Five resources for puzzling and wondering through maths in Years 7 and 8

Packed with quizzes, puzzles and even colouring in, these books will help enhance your problem-solving skills. Play, puzzle and get creative with mathematical ideas.

Things To Make And Do In The Fourth Dimension

Written by Matt Parker.

This interactive book helps us see that maths is so much more than we sometimes give it credit for. When your teen learns that maths can help them cut pizza in a new and fairer way or make a working computer out of dominoes, they’ll realise maths isn’t only exceptionally useful - it’s also incredibly fun!

Visions Of Numberland: A Colouring Journey Through The Mysteries Of Maths

Written by Alex Bellos and Edmund Harriss.

Use this colouring-in book as a way to talk with your teen about some fascinating mathematical ideas. From geometry to networks, this book gives them the chance to puzzle over patterns as they colour in!

Can You Solve My Problems? - A Casebook Of Ingenious, Perplexing And Totally Satisfying Puzzles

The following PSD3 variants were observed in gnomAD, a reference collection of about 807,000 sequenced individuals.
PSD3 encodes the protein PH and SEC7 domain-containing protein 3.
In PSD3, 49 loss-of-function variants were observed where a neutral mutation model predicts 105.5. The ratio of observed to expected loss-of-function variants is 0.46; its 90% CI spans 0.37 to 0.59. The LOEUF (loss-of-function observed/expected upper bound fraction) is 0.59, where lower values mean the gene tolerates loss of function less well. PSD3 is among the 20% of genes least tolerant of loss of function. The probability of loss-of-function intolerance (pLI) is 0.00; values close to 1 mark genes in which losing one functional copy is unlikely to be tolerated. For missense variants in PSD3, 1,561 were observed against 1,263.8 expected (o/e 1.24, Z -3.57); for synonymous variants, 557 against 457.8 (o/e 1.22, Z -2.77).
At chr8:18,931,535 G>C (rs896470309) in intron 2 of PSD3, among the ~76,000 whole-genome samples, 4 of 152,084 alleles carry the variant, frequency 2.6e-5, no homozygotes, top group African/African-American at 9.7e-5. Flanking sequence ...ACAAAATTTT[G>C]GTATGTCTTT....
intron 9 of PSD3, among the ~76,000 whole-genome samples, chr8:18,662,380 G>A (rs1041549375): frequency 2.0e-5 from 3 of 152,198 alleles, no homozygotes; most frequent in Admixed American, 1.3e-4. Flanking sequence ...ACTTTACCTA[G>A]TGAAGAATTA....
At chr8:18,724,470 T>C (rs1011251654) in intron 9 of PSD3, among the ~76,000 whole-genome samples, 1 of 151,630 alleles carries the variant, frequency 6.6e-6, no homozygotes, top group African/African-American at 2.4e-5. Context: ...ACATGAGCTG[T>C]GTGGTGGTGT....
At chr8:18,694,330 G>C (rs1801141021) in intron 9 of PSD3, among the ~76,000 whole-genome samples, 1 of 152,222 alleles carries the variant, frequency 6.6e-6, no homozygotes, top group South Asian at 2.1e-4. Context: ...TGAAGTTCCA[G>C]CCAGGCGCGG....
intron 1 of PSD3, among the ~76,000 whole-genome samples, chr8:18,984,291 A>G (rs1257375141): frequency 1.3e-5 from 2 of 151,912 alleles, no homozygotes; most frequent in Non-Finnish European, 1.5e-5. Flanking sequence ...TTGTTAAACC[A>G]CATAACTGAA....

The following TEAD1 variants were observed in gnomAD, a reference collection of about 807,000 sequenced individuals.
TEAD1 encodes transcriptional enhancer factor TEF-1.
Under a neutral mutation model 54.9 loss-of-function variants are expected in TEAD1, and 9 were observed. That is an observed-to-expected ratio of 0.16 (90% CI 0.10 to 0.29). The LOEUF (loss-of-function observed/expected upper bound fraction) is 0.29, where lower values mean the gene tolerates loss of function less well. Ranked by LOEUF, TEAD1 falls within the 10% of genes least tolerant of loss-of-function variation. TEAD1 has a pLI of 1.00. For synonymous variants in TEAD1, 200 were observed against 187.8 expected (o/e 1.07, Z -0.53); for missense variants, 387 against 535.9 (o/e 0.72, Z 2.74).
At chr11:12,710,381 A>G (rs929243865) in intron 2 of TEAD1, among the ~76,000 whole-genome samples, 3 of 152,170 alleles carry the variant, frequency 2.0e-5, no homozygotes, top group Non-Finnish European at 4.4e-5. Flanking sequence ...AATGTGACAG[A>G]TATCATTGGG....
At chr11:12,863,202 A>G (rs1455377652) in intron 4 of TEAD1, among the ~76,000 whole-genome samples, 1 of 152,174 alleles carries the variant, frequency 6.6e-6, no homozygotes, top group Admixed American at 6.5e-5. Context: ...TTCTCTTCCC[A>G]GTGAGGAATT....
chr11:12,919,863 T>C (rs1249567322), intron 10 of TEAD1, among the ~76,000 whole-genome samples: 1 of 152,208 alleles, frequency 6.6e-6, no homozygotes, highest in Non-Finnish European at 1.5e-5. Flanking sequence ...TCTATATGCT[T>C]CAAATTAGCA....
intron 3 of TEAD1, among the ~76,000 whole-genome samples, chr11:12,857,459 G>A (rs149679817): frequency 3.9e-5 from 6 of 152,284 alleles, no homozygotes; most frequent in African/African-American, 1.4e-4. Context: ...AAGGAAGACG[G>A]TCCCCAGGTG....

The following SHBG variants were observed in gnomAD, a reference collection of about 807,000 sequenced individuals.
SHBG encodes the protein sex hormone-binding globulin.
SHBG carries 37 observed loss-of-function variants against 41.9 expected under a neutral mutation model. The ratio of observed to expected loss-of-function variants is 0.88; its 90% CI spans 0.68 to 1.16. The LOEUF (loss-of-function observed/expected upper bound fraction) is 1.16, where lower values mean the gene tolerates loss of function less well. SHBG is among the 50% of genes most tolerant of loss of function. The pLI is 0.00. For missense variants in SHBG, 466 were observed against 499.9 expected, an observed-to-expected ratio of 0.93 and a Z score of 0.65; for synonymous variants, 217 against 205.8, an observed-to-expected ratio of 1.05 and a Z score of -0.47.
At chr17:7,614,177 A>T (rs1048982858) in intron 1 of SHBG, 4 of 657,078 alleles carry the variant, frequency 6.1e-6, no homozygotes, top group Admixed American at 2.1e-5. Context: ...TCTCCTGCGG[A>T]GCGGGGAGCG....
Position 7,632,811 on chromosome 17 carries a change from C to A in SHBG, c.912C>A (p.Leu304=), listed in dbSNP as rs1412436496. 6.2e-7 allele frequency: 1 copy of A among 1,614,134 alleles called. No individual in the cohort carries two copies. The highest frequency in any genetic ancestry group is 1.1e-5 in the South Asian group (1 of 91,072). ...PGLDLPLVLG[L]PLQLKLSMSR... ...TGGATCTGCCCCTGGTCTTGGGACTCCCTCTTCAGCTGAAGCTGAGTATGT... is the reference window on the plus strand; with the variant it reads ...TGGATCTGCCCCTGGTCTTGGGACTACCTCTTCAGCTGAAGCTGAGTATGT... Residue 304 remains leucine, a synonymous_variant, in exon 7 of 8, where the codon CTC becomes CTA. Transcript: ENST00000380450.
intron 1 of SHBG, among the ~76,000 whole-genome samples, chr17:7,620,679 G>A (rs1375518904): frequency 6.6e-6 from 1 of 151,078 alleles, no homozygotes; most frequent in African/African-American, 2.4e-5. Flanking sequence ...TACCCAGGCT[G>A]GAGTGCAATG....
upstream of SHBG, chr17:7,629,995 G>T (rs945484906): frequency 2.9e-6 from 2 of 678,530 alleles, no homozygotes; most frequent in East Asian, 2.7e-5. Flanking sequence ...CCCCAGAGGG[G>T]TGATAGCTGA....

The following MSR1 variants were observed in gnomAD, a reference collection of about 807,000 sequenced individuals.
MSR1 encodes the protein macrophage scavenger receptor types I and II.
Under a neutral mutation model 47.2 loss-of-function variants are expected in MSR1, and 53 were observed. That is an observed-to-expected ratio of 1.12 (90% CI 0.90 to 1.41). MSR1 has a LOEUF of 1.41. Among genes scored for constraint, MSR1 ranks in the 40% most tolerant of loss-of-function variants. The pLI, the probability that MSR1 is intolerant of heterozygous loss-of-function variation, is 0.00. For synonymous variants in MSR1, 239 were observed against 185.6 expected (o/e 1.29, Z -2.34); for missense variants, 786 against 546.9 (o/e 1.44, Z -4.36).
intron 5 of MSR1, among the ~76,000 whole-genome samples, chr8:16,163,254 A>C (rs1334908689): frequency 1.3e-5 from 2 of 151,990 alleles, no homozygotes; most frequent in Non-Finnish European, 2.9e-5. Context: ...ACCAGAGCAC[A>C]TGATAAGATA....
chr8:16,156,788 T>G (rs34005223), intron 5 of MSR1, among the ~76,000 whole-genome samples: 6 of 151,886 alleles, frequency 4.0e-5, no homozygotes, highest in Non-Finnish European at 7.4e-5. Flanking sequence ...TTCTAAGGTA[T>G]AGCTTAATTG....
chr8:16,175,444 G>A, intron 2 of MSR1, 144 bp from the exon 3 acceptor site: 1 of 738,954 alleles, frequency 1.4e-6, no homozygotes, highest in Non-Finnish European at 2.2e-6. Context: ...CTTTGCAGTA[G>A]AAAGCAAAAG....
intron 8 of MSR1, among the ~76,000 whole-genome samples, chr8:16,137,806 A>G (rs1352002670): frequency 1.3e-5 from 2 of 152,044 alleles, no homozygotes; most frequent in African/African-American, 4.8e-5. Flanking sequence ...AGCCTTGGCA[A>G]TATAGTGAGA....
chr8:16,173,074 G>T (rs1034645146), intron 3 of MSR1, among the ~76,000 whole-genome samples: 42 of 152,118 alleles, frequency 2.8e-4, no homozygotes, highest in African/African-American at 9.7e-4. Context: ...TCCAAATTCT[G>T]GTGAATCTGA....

Written by Alex Bellos.

If your child fancies themselves a puzzle master, this book is a worthy challenge! It contains brain-teasers and some amazing background information on the history of puzzles. Your teen might be inspired to learn that many of our ground-breaking historical mathematical figures were also keen puzzlers who loved playing with maths.

The Number Games

Written by Adam Spencer.

This book is filled with compelling maths questions and curiosities for teens, such as, “How much does it cost to stop a computer virus?” and, “Will you become a billionaire by age 31?” It is also packed with brain-teasing puzzles and number-based trivia bound to set off many light-bulbs in your teen’s mind.

This Is Not A Maths Book: A Smart Art Activity Book

Written by Anna Weltman.

It might surprise you and your child that art and maths have a lot in common. This hands-on art activity book will guide your teen through how to make patterns including fractals and even celtic knots. By putting it into practice, they’ll see just how interconnected design and maths really are.

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